The real reason you are still stuck at the micro levels

Poker is a frustrating game to learn. Progress is difficult to measure because short term results are practically meaningless. Very few players learn the game quickly; most take baby steps towards their learning goals.

Stories of the latest “online phenom” add to the frustration.  How can these young players  — some of which barely have a high school education –  accomplish in a few months what you have been inching towards for years?

In short, they MASTER THE BASICS.  Mastering the basics allows these players to quickly switch their focus towards the more advanced aspects of poker strategy.  The transition from beginner to advanced player is quick and smooth because they build a strong foundation that they can build upon.

Most poker players take years if not decades to become fundamentally sound.  Here is a short list of reasons why the vast majority of poker players never grasp the fundamentals of poker strategy.

  • Player gets misinformed. As I mentioned here, there are some great poker strategy resources online but there is also an absurd amount of misinformation floating around
  • Player unrealistically seeks a clearly defined systematic way to dominate poker
  • Player overvalues his poker intuition
  • Player is too emotional and unable to distance himself from his play
  • Player seeks immediate feedback (via short term results) and doesn’t understand variance

The next few posts on this blog will feature some of these roadblocks to poker growth. To insure that the topics in this series are as helpful as possible, they will:

  • Represent a very common issue for intermediate players
  • Represent a fundamental  problem that hinders progress considerably
  • Be fixable errors; I will give tips on how to fix these major leaks

The first post of this series will cover the importance of playing lines, as opposed to playing poker situations in a vacuum. If you have any recommendations for topics or any comments about this series, please feel free to mention them in the comments of this post.


7 Comments

  1. 1) I think one thing that everyone reads is “vary your play” meaning sometimes raise with AK, sometimes call with AK. But what I think a lot of people don’t realize is that if I raise and the next time I limp, but never show my cards, it does not count as “varying you play”.

    2) “never slow play, you always get burned” “Never limp AA, your opponent will always suck out on you” But people never look at the hand from start to finish. Did they slow play a set on a 7 8 9 all spade flop? Did they limp with AA and still bet all 3 streets with 4 hearts and 4 cards to the straight on the board?

  2. Hey Dango, as for your 1), I think balancing ranges is very widely misunderstood, although frankly I feel it IMO borderline a bit above the fundamentals, just in the sense that you can usually get by as a winner at the low stakes without needing to balance much.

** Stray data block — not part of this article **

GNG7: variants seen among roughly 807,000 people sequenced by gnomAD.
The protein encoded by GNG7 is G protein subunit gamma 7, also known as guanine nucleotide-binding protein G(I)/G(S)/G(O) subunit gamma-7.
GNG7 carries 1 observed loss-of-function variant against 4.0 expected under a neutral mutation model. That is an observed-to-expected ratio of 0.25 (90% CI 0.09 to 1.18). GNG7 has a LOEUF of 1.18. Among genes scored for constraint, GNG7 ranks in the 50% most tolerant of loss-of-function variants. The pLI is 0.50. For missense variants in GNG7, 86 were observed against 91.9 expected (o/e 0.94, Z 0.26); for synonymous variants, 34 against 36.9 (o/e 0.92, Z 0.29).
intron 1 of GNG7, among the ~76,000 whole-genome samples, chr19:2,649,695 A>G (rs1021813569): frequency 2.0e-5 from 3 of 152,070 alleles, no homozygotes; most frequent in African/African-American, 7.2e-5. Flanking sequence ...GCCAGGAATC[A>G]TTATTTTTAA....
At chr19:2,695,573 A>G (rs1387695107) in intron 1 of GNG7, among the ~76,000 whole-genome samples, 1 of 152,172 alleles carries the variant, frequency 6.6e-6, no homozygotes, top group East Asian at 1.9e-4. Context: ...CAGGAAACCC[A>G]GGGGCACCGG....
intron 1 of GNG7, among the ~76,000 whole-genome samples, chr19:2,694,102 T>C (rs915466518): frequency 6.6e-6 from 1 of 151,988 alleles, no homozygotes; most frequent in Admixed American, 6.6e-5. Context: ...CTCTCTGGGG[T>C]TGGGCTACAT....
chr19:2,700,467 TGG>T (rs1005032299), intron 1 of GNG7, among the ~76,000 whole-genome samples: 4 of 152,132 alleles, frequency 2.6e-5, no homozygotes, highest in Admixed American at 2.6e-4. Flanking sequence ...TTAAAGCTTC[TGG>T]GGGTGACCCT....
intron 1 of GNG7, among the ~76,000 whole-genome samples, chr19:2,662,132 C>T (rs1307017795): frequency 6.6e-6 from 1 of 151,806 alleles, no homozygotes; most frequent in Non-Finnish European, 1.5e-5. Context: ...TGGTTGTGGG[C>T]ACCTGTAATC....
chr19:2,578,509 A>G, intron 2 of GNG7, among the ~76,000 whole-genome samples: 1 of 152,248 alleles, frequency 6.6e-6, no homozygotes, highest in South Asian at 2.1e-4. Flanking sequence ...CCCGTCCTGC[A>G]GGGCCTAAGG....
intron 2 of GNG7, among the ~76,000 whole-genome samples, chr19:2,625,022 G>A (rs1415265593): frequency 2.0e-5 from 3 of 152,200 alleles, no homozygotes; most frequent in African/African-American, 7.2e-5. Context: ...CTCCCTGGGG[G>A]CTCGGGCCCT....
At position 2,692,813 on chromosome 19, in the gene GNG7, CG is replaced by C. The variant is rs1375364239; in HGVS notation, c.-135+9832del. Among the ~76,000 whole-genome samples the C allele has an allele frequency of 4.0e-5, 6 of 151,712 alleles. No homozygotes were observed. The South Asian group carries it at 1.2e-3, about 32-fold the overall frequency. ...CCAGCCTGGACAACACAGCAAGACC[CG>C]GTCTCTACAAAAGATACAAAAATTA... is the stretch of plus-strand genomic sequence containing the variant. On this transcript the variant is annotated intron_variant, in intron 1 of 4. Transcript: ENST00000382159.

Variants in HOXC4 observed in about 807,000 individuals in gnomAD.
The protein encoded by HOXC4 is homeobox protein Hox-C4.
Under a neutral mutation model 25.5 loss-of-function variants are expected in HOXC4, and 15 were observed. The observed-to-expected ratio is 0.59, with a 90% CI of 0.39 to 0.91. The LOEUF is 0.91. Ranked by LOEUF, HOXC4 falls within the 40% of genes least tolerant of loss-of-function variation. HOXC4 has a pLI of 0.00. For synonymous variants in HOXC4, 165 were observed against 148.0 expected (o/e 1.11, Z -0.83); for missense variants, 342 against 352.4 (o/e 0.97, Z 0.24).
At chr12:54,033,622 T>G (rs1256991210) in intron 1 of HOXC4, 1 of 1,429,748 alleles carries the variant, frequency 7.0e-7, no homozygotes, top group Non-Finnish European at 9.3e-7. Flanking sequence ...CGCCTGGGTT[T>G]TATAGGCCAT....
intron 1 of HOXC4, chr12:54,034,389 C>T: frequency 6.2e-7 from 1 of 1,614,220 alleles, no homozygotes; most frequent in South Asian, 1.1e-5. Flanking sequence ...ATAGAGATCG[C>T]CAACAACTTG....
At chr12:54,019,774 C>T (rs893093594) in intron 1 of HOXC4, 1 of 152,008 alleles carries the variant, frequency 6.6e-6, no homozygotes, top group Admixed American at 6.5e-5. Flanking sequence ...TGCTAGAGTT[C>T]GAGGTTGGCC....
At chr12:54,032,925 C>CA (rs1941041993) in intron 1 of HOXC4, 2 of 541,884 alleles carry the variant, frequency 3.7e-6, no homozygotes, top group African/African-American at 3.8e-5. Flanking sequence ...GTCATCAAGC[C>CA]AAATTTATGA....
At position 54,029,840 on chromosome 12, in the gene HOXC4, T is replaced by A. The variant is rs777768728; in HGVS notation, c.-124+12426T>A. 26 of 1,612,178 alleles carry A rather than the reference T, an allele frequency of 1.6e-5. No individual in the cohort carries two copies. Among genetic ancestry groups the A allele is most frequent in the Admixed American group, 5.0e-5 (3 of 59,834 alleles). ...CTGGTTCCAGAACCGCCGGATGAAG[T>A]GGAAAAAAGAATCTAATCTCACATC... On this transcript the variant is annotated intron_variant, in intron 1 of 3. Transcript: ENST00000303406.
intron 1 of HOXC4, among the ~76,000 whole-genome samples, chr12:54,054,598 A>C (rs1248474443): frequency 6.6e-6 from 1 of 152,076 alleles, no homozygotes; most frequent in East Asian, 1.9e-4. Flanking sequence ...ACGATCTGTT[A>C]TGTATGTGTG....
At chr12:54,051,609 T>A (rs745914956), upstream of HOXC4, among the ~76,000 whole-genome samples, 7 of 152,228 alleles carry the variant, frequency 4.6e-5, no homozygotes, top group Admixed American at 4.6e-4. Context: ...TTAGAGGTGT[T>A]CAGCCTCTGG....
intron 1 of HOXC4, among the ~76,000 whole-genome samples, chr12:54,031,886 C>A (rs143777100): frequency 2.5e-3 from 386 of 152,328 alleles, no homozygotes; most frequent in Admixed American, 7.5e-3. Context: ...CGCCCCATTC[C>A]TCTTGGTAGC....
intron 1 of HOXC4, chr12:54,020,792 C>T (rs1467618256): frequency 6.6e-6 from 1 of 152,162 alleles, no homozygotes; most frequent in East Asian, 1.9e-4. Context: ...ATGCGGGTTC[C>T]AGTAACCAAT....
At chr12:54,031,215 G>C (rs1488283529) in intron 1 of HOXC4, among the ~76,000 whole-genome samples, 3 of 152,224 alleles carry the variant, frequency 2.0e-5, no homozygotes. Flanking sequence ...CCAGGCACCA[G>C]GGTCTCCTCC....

Good topic of discussion, I will consider it as a topic for sure…

    As per your No.2… I think the first element touches on one of the reasons I mentioned players get stalled, they look for “Always do x and never do Y” answers. A systematic/cookie cutter technique to win… Of course this is the wrong approach…

    The fact of the matter is, poker players kind of fall in love with some of the new strategic concepts they learn.

    Reminds me of a time way back (maybe 6-7 years ago), when I read an article on “how to play A-K preflop” and thought I had finally discovered the solution to playing it (the advice was something like “always call in position and 3-bet out of position, or vice-versa, I forget).

    It took me a while to revisit this line and I figured out that I needed to figure out all the common scenarios you face with A-K…

    Thanks for the commment Dan…
    Jeff recently posted..The real reason you are still stuck at the micro levels…

  3. Also, learning from watching poker on TV. That can truly hurt your progress. But I think the #1 reason, and you mention it, is players don’t adapt to change, whether it’s change at the current table you are playing, in the current tournament, or current point in time.

    The book says you must do this….well, if everyone does this, adapt and do something else to counter.

    A good example is bet sizing, back in the day, it was 3x all the time, but now, depending on the situation, 2.1x is good enough.

    • Cool Dan, I agree… I have 4-5 topics in mind for this, but you are giving me food for thought on expanding the list… Thanks again!!!

  4. Dave Fraser

    Honestly this is a good topic. there are a lot of reason for it though. and every players reason is different. mine i would say is my bankroll management. and there is another which i see alot of good players miss. but ill save that for another day :P

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